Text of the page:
The finale emphasizes that the audience has been focused on the wrong things all along. Instead of thinking of it as a superhero origin story that uses stolen blood and fight scenes as metaphors for a personal struggle, we should’ve recognized that all the “A plots” were just MCU connective tissue, vehicles for the real story about a woman who stops letting herself be defined by other people. It still works well as a story about a woman figuring out what it means to be a superhero, but I think it’s more interesting as a story about a woman figuring out what it means to be herself.
You can go back through the episodes and see how the stuff that might’ve seemed like meandering side-plots, or throwaway gags, or plot-lines that ended up fizzling out into disappointing anti-climaxes, were never the point in the first place. The first episode is about how women are taught that their anger and power are something they need to be ashamed of and keep under tight control. The second is about people trying to take advantage of her superhero status and exploit it for their own gain. Throughout, she’s trying to deal with the men who only want her as She-Hulk instead of Jen, before eventually being reminded that the problem is letting men define her self-worth. (I was especially happy that we never saw Josh in the finale; the victory wasn’t seeing him get his comeuppance, but in Jen’s finally realizing that he never actually mattered). Titania is set up to be her super-powered arch-nemesis, but instead ends up being an illustration of how powerful women are so frequently set up just to fight each other. And it might be a stretch, but I like the idea that Madisynn exists as an example of a big sloppy mess of a person who can enjoy herself without caring what anybody else thinks.
For a while it seemed like the series was in a weird position, where they were obligated to include fight scenes, even though the fight scenes didn’t fit thematically and were doomed to be anti-climactic when the main character is invulnerable. So I really liked that they gave Jen an obligatory “hallway fight” in which she’s fighting not against the incel bad guys, but against Marvel’s super secret strike force. The show confidently insists that the fights don’t matter, and the franchise tie-ins don’t matter, and then finds a way to include both, all on its own terms.
Since WandaVision was the first MCU TV series, Marvel’s already shown that they’re perfectly willing to indulge in some meta-storytelling. But I’d been assuming that She-Hulk‘s version was just meant to stay true to the comics and to keep the series feeling light and silly. There’s always a risk when you try to be too self-aware and break the fourth wall, that you’re dooming yourself to shallowness: if you’re coming right out and telling the audience what you’re doing, then you’re not leaving them with anything to interpret for themselves. So I’m really impressed that She-Hulk manages to have it both ways: keeping it fun and self-aware while also filling the series with valid-albeit-shallow “grrl power” messaging; but then also defying the template enough to invite you to go back and re-contextualize what the show’s been saying this whole time. This mediocre white man gives it a big thumbs up.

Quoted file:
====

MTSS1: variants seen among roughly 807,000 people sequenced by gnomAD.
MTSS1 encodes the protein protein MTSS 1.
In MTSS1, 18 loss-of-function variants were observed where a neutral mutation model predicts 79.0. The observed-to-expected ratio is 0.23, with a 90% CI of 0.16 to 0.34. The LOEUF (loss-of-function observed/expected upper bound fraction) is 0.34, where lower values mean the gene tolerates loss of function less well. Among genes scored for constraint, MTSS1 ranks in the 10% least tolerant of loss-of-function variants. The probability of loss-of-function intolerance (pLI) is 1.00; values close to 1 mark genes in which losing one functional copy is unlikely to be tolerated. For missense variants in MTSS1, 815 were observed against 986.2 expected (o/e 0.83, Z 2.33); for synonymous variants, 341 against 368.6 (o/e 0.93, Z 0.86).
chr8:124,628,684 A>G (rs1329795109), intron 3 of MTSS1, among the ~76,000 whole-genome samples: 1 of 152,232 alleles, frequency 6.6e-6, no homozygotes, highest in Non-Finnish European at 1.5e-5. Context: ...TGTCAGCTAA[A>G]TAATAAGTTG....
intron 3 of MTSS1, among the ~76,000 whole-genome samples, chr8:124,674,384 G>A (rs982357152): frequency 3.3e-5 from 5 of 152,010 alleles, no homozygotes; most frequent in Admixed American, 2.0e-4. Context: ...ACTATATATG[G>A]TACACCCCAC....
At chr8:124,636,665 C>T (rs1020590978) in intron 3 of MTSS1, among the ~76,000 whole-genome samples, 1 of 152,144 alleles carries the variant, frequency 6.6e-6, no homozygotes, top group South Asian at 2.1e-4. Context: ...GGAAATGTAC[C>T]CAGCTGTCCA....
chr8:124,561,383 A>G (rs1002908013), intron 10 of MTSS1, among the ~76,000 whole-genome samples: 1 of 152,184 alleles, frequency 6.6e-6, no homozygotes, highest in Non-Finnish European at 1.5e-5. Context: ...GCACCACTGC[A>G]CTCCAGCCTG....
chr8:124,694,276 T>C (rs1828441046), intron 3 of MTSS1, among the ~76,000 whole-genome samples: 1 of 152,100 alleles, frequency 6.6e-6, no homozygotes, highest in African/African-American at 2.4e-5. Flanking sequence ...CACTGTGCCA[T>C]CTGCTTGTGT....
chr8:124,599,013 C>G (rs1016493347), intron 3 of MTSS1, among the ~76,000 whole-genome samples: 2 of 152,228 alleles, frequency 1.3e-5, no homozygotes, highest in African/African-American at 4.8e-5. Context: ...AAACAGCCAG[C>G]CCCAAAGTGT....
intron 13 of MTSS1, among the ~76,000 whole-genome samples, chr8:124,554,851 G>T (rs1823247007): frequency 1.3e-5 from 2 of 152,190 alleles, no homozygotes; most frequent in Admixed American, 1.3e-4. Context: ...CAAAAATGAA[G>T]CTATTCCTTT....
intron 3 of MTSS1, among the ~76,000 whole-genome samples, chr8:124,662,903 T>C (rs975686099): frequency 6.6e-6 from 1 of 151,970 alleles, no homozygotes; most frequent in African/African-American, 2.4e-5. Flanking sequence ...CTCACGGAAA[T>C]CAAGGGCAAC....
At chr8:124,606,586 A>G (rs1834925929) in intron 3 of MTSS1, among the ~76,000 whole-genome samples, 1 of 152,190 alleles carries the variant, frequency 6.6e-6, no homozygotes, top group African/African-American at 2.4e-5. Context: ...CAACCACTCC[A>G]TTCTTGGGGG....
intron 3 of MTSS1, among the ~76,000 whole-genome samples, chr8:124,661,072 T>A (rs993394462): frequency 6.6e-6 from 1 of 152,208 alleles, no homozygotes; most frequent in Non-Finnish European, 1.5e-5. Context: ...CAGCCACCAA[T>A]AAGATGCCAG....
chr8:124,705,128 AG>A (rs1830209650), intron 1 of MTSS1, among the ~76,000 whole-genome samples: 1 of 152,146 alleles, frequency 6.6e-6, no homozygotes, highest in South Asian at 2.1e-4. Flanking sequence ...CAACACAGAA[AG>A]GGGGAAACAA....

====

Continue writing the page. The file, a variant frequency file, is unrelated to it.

I read a segment from an interview with Kevin Feige in which he said his only push-back to that entire sequence presenting him as an all-controlling AI content generator was that the concept art put a baseball hat on top of the robot, and he pushed for the less silly but still overwhelmingly obvious version used in the show. Which just cements my respect for him and makes me even more convinced he deserves his success. I love the idea of someone becoming obscenely wealthy and powerful just by getting it.
I learned from Nerdist’s recap videos that there’s an additional layer there: the whole reason the character exists was in response to The Incredible Hulk TV series, and Marvel’s fear that the producers would try to create a female-led spin-off of their own, as they had with The Bionic Woman.
Werewolf By Night wasn’t quite as bold as I’d been hoping for, but it pushed the limits of what you can do within the MCU
When I saw the trailer for Werewolf by Night, I thought that Marvel had finally abandoned the notion of making multi-billion dollar global entertainment product, and had become a boutique art house making stuff personally tailored just for me. It felt as personalized as a custom-recorded birthday card.